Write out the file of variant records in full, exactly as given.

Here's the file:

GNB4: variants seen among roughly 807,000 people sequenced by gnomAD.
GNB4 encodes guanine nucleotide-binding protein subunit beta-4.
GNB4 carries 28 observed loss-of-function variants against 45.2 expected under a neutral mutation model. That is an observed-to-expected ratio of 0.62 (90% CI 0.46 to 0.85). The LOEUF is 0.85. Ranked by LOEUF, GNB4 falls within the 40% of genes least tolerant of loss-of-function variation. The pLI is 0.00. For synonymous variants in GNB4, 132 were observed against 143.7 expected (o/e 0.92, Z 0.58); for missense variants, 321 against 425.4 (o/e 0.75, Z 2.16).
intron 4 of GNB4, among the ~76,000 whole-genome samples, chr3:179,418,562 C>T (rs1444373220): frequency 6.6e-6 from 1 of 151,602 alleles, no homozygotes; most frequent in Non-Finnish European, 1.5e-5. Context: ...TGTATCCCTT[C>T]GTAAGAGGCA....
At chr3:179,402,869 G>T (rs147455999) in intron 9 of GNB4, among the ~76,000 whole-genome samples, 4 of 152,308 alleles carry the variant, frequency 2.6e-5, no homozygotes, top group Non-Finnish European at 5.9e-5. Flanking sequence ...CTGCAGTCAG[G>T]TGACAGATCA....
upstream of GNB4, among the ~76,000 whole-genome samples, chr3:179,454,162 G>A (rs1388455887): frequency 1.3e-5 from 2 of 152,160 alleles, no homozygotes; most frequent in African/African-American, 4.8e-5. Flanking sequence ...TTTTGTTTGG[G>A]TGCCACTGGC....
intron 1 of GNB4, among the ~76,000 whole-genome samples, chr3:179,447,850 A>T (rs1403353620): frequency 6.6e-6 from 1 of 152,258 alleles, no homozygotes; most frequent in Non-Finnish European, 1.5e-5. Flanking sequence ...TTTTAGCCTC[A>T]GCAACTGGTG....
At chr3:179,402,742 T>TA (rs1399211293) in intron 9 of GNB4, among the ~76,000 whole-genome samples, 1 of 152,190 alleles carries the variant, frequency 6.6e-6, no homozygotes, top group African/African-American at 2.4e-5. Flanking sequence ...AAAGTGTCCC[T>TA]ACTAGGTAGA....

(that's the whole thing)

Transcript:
GNB4: variants seen among roughly 807,000 people sequenced by gnomAD.
GNB4 encodes guanine nucleotide-binding protein subunit beta-4.
GNB4 carries 28 observed loss-of-function variants against 45.2 expected under a neutral mutation model. That is an observed-to-expected ratio of 0.62 (90% CI 0.46 to 0.85). The LOEUF is 0.85. Ranked by LOEUF, GNB4 falls within the 40% of genes least tolerant of loss-of-function variation. The pLI is 0.00. For synonymous variants in GNB4, 132 were observed against 143.7 expected (o/e 0.92, Z 0.58); for missense variants, 321 against 425.4 (o/e 0.75, Z 2.16).
intron 4 of GNB4, among the ~76,000 whole-genome samples, chr3:179,418,562 C>T (rs1444373220): frequency 6.6e-6 from 1 of 151,602 alleles, no homozygotes; most frequent in Non-Finnish European, 1.5e-5. Context: ...TGTATCCCTT[C>T]GTAAGAGGCA....
At chr3:179,402,869 G>T (rs147455999) in intron 9 of GNB4, among the ~76,000 whole-genome samples, 4 of 152,308 alleles carry the variant, frequency 2.6e-5, no homozygotes, top group Non-Finnish European at 5.9e-5. Flanking sequence ...CTGCAGTCAG[G>T]TGACAGATCA....
upstream of GNB4, among the ~76,000 whole-genome samples, chr3:179,454,162 G>A (rs1388455887): frequency 1.3e-5 from 2 of 152,160 alleles, no homozygotes; most frequent in African/African-American, 4.8e-5. Flanking sequence ...TTTTGTTTGG[G>A]TGCCACTGGC....
intron 1 of GNB4, among the ~76,000 whole-genome samples, chr3:179,447,850 A>T (rs1403353620): frequency 6.6e-6 from 1 of 152,258 alleles, no homozygotes; most frequent in Non-Finnish European, 1.5e-5. Flanking sequence ...TTTTAGCCTC[A>T]GCAACTGGTG....
At chr3:179,402,742 T>TA (rs1399211293) in intron 9 of GNB4, among the ~76,000 whole-genome samples, 1 of 152,190 alleles carries the variant, frequency 6.6e-6, no homozygotes, top group African/African-American at 2.4e-5. Flanking sequence ...AAAGTGTCCC[T>TA]ACTAGGTAGA....